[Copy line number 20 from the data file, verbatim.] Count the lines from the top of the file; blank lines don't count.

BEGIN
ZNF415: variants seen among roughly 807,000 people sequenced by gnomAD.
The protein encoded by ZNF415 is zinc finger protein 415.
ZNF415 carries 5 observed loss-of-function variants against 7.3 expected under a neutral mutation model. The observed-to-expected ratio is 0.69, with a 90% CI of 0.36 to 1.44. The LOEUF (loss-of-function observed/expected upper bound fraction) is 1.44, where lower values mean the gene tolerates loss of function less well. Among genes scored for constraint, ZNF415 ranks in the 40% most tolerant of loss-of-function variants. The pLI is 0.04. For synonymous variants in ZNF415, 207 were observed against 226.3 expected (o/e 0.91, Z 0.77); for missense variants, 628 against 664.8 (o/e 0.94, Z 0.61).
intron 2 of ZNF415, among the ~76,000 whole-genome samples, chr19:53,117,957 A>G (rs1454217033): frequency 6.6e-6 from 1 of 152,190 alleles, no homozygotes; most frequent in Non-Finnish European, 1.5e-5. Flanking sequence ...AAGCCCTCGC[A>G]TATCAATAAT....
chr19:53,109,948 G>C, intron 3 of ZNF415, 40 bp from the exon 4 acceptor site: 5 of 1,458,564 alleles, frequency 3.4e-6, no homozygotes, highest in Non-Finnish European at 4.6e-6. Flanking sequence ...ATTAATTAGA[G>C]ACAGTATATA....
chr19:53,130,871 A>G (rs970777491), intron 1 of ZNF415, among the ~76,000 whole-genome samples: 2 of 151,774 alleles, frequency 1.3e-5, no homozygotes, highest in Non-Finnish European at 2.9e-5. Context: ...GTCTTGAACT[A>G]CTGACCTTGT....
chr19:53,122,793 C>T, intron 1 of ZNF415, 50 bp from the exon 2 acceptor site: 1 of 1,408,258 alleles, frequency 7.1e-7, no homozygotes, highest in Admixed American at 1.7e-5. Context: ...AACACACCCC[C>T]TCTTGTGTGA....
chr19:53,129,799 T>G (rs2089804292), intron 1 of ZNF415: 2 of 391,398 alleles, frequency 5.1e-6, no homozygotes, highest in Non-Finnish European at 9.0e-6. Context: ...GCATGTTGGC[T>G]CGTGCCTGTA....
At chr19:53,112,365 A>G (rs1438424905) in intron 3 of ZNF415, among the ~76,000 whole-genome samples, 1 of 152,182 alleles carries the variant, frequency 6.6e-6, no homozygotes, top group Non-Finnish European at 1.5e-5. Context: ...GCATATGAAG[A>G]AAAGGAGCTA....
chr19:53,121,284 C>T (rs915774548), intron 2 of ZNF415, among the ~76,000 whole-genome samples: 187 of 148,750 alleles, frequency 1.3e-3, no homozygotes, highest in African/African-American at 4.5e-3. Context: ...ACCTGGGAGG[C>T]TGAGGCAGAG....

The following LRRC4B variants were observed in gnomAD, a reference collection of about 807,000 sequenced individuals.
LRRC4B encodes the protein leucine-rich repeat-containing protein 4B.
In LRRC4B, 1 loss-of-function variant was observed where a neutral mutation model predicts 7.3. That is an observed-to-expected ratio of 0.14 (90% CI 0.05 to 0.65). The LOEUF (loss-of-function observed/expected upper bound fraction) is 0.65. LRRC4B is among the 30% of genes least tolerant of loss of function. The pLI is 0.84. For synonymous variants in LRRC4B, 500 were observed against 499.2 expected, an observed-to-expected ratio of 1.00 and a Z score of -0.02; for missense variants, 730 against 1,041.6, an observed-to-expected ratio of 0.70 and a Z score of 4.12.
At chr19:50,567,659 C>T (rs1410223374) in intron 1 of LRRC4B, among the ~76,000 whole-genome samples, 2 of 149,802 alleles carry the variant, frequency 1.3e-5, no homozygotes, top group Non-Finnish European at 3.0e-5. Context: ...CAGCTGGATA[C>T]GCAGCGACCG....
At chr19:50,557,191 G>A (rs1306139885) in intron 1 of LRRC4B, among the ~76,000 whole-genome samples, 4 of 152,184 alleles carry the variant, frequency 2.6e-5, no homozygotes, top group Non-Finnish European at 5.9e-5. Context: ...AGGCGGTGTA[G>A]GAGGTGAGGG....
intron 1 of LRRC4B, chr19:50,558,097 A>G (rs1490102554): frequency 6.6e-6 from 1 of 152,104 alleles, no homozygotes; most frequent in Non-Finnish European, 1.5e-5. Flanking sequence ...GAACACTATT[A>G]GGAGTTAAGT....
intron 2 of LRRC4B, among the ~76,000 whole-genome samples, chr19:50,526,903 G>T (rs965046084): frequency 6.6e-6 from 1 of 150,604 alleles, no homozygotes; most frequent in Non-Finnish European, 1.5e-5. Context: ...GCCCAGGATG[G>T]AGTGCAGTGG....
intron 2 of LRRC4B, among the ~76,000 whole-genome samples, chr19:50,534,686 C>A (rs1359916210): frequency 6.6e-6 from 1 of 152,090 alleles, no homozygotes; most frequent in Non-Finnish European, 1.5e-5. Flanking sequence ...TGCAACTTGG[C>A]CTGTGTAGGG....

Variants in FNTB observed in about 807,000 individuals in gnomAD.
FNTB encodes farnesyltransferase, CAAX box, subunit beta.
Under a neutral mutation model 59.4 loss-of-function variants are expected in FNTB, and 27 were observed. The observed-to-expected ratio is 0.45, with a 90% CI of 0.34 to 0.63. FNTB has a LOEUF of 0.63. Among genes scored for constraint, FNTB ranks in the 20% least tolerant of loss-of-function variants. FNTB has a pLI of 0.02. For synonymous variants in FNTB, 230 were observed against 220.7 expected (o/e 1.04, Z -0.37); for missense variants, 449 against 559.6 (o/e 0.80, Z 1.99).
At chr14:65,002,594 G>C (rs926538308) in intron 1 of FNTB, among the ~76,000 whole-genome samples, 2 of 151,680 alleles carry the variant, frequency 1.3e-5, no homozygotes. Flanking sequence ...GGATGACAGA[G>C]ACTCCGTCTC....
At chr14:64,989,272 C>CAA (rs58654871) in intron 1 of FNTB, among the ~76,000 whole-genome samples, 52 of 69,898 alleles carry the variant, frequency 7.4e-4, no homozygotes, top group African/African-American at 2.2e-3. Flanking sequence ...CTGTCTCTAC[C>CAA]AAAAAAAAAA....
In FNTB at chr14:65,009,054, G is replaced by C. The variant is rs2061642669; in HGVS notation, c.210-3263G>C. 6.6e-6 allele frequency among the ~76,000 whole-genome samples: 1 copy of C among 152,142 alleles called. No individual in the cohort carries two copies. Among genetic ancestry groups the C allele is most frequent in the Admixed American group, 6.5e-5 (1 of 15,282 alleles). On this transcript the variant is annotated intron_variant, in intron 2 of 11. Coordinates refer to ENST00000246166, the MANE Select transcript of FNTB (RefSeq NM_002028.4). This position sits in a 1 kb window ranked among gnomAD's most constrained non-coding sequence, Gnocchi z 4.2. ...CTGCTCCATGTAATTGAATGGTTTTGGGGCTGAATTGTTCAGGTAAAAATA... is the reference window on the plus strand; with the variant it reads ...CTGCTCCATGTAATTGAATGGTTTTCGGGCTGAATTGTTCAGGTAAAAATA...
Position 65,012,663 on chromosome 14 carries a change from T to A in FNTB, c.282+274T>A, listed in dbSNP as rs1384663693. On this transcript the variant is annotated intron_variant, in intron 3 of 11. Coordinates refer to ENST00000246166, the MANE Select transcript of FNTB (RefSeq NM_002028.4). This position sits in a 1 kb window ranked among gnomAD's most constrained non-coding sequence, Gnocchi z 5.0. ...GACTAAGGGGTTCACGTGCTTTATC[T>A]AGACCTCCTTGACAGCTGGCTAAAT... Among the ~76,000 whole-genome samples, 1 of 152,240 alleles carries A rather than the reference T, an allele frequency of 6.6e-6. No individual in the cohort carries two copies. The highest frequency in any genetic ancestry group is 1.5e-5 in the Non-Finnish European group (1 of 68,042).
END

FNTB encodes farnesyltransferase, CAAX box, subunit beta.